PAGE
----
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David Chesky, The Pig, The Farmer and The Artist:
Gene Frankel Theatre, New York City, 2.10.2009 (BH)

David Chesky: Music / Book / Lyrics
A. Scott Parry: Director / Designer
Anthony Aibel: Conductor / Music Director
Rob Scallan: Lighting Designer
Anna Dineli: Art Designer
Tom Blunt: The Pig
Cory Clines: Farmer Jones
Christopher Preston Thompson: The Artist
Wendy Buzby: Shirley, the Cow
James N. Kryshak: Harvey, the Bull
Melanie Long: The Farm Hand / Cornelius, the Art Critic / Pellegrino, the Art Dealer
Macbook 2.1: Hal-9000
Ami Vice, Megan Marino, Michael Dezort: Greek Trio


Operas don't get much fluffier—and rowdier—than The Pig, The Farmer and The Artist by David Chesky, here in its world premiere at the Gene Frankel Theatre. Although it is fair to say that the Met will probably not be knocking, the creators of San Francisco's long-running Beach Blanket Babylon might want to give Chesky a call. I could imagine this piece being a huge midnight hit.

Billed as an "operatic satire about sex, music and art," the piece gamely tackles a somewhat hoary target: New York City's eclectic visual arts scene, and the denizens who (sometimes unwittingly) expose it to ridicule. The title characters seem destined to offend as many sensibilities as possible, but the entire cast appears to be ready to perform almost any act onstage, as evidenced by a "no one under 18 admitted" caveat.

The plot is perhaps best described by reproducing the composer's synopsis: "To avoid being slaughtered by a lunatic farmer, Shirley the cow (a former hooker from Amsterdam) and her transvestite husband, Harvey, escape to New York's East Village, where they soon become all the rage of the highbrow art scene. Back on the farm, the Pig gets wind of their fame and follows to seek his artistic fortunes as well."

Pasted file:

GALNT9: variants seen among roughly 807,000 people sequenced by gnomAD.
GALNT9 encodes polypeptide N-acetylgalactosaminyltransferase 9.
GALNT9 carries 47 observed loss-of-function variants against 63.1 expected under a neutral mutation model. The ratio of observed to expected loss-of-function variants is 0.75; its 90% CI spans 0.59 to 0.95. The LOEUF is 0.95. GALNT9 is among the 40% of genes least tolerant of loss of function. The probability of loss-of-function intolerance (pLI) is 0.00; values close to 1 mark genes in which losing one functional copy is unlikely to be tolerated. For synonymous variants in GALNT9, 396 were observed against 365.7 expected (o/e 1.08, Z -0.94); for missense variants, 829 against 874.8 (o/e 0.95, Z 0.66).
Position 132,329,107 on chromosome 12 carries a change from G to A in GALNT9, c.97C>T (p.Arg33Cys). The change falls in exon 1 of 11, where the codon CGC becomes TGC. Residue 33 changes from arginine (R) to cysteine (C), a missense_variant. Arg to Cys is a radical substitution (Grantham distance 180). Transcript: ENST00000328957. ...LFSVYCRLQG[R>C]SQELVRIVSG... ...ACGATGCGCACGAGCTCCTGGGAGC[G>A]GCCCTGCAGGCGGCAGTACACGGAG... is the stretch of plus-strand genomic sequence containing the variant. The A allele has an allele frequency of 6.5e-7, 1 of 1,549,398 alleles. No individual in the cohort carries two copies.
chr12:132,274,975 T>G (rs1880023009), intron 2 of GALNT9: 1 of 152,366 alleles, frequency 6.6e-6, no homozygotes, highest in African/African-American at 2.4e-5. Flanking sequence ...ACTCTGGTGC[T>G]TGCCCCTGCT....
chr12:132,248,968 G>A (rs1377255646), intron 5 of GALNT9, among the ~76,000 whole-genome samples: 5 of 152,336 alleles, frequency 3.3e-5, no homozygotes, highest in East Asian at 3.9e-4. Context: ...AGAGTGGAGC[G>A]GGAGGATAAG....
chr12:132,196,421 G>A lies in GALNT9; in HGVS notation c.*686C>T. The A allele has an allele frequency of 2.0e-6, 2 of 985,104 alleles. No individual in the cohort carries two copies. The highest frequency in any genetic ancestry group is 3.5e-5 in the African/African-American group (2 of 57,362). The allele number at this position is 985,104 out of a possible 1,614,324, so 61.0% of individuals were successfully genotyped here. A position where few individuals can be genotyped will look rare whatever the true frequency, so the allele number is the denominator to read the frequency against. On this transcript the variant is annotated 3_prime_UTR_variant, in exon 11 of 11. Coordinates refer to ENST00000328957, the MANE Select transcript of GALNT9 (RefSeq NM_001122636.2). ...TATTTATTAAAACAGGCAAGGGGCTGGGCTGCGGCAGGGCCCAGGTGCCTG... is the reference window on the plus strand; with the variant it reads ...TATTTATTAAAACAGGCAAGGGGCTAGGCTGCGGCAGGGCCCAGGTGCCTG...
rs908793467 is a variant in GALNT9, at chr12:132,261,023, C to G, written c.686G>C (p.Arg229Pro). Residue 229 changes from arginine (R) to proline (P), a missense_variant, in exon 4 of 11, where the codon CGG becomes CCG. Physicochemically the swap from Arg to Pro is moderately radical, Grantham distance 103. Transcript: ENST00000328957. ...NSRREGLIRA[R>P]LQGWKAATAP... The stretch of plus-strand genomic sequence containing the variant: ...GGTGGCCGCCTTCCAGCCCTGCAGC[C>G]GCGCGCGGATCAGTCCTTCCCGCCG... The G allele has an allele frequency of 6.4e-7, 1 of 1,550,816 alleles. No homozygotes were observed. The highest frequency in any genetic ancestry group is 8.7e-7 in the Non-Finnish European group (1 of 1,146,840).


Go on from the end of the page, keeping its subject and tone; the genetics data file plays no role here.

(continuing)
The score, fleshed out with admirable aplomb by conductor Anthony Aibel and a chamber orchestra of nine, is an eclectic mix of atonal musings, Broadway, jazz, and pop. Chesky is fearless; he'll venture anywhere if it's funny. And I must admit, boredom was never an issue in the two-hour production.

As the Pig, Tom Blunt had perhaps the most eye-opening costume, dressed in pink tights with genitalia resembling a pink garden hose. Cory Clines patterned Farmer Jones as a sort of singing Tommy Lee Jones, and Christopher Preston Thompson was appropriately snooty and melancholy as the Artist. There is a career as a late-night talk show host for Wendy Buzby, whose presence as Shirley the Cow was a consistent scene-stealer; her husband, Harvey the Bull (played by James N. Kryshak) wore a tutu. Soprano Melanie Long completed the cast by playing a farm hand, an art critic and a dealer. Vocally, one could only praise the group for plunging into Chesky's world with unabashed gusto, secure pitch and precise enunciation.

The Greek trio (Ami Vice, Megan Marino and Michael Dezort) helps lubricate the action (double meaning fully intended), playing "farm hands, goats, chickens, ducks, cows, sheep, West Village gays, East Village punks, high society dilettantes and paparazzi." Considering the scope of that list, they did a fine job, often given the lion's share of choreographic attention. The final character is a Macbook 2.1, faithfully reproducing the voice of Hal 9000 (from Kubrick's 2001: A Space Odyssey), whose deadpan asides appeared as surtitles.

A. Scott Parry directed, with a light hand and an emphasis on telling the convoluted tale clearly and without apology, with uncomplicated assistance from lighting designer Rob Scallan and art designer Anna Dineli. Yet with all the frenetic energy expended onstage, I found myself thinking the show's satirical darts often fell short of the mark. Given the amount of sex and scatalogical humor, this congenial, ultimately rather good-natured farce perhaps wants to be more outrageous than it turns out to be.

Bruce Hodges

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